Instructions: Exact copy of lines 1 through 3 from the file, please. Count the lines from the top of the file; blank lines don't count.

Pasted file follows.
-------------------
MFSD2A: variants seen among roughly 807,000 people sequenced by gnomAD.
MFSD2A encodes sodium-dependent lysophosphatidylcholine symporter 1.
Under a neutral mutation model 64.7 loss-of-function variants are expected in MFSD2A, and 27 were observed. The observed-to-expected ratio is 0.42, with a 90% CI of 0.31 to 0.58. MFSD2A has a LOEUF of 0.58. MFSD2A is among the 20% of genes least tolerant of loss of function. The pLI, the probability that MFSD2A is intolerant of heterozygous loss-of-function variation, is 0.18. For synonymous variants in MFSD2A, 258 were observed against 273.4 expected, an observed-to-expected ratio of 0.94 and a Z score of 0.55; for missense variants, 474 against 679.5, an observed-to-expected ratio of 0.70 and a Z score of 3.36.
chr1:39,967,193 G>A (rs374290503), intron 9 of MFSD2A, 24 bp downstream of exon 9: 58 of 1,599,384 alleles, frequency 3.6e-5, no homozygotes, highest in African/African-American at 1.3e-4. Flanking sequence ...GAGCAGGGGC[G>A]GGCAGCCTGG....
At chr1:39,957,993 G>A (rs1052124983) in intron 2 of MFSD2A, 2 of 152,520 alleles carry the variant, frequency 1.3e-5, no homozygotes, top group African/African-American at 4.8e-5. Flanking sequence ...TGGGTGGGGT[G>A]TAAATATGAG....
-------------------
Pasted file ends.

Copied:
MFSD2A: variants seen among roughly 807,000 people sequenced by gnomAD.
MFSD2A encodes sodium-dependent lysophosphatidylcholine symporter 1.
Under a neutral mutation model 64.7 loss-of-function variants are expected in MFSD2A, and 27 were observed. The observed-to-expected ratio is 0.42, with a 90% CI of 0.31 to 0.58. MFSD2A has a LOEUF of 0.58. MFSD2A is among the 20% of genes least tolerant of loss of function. The pLI, the probability that MFSD2A is intolerant of heterozygous loss-of-function variation, is 0.18. For synonymous variants in MFSD2A, 258 were observed against 273.4 expected, an observed-to-expected ratio of 0.94 and a Z score of 0.55; for missense variants, 474 against 679.5, an observed-to-expected ratio of 0.70 and a Z score of 3.36.